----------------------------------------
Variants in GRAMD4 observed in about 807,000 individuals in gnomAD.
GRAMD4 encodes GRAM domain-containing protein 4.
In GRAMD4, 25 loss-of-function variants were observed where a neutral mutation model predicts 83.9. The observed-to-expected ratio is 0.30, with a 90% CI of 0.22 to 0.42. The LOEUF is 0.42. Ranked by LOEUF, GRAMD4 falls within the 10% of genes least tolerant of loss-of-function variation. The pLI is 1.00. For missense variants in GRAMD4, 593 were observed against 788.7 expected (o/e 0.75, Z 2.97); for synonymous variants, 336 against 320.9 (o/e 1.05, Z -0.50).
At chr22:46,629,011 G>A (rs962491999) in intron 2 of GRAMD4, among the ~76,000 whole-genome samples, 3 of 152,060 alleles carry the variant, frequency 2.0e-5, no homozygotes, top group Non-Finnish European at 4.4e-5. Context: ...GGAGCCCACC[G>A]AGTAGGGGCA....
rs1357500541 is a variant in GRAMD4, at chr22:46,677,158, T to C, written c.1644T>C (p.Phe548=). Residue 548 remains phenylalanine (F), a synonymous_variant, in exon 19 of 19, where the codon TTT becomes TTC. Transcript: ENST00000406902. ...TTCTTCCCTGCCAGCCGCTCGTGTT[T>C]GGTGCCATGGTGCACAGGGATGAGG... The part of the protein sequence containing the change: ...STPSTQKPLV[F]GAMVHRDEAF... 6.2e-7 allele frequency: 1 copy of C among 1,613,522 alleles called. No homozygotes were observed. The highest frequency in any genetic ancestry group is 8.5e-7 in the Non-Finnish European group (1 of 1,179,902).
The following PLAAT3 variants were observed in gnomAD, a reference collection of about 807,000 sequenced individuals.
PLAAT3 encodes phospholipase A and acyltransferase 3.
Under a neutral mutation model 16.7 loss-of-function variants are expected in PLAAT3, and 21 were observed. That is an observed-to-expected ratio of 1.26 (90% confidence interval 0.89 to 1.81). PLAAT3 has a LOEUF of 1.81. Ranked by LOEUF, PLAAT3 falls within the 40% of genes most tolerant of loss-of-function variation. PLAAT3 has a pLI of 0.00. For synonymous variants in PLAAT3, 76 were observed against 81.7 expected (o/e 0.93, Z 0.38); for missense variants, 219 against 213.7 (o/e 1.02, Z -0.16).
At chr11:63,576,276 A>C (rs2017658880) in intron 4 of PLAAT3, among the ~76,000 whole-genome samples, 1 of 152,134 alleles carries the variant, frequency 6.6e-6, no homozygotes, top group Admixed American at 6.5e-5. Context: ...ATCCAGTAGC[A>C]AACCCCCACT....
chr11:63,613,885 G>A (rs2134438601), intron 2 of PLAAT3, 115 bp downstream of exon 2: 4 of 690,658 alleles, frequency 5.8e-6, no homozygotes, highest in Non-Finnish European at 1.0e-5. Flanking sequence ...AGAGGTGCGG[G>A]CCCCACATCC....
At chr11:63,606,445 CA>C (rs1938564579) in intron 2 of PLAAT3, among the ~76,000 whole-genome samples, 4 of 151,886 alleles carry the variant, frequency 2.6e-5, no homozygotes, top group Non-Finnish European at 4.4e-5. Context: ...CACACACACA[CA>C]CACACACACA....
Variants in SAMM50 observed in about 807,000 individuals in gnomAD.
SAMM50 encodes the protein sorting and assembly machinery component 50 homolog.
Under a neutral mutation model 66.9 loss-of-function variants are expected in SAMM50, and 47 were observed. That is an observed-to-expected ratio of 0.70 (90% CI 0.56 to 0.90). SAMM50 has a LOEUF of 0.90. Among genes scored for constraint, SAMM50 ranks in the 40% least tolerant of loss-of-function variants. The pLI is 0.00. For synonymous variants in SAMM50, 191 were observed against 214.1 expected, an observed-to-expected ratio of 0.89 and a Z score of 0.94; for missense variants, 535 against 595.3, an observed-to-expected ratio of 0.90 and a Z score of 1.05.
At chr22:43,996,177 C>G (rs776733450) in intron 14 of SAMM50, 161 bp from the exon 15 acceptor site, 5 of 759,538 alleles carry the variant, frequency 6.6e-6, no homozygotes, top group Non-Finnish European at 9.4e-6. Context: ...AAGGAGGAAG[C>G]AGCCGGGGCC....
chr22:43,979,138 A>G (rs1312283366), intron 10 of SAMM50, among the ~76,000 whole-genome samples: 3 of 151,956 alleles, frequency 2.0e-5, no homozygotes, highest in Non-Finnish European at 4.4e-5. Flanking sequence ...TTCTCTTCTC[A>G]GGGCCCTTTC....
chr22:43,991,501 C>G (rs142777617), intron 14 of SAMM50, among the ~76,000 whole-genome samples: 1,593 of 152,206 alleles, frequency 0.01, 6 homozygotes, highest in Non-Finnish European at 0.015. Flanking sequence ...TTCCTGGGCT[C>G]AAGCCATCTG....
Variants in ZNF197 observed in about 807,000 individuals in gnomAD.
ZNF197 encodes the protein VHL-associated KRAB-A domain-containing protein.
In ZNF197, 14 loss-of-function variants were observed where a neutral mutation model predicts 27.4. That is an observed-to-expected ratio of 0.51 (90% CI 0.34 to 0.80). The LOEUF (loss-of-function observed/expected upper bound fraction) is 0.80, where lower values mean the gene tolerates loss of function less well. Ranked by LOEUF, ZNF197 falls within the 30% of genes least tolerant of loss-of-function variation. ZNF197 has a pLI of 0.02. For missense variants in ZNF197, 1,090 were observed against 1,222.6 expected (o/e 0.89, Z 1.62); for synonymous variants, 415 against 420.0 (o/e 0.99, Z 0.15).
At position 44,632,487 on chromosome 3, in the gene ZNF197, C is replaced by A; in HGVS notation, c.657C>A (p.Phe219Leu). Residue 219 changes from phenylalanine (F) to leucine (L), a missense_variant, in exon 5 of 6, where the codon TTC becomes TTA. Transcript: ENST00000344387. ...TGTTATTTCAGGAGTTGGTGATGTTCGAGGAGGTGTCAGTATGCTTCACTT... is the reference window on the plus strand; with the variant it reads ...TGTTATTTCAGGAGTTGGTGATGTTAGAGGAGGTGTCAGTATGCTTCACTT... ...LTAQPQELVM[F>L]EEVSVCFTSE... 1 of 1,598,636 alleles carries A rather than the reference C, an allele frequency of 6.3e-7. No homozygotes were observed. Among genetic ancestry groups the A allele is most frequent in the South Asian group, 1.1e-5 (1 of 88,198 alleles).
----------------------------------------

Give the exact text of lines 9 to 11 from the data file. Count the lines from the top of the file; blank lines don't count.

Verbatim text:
At chr11:63,576,276 A>C (rs2017658880) in intron 4 of PLAAT3, among the ~76,000 whole-genome samples, 1 of 152,134 alleles carries the variant, frequency 6.6e-6, no homozygotes, top group Admixed American at 6.5e-5. Context: ...ATCCAGTAGC[A>C]AACCCCCACT....
chr11:63,613,885 G>A (rs2134438601), intron 2 of PLAAT3, 115 bp downstream of exon 2: 4 of 690,658 alleles, frequency 5.8e-6, no homozygotes, highest in Non-Finnish European at 1.0e-5. Flanking sequence ...AGAGGTGCGG[G>A]CCCCACATCC....
At chr11:63,606,445 CA>C (rs1938564579) in intron 2 of PLAAT3, among the ~76,000 whole-genome samples, 4 of 151,886 alleles carry the variant, frequency 2.6e-5, no homozygotes, top group Non-Finnish European at 4.4e-5. Context: ...CACACACACA[CA>C]CACACACACA....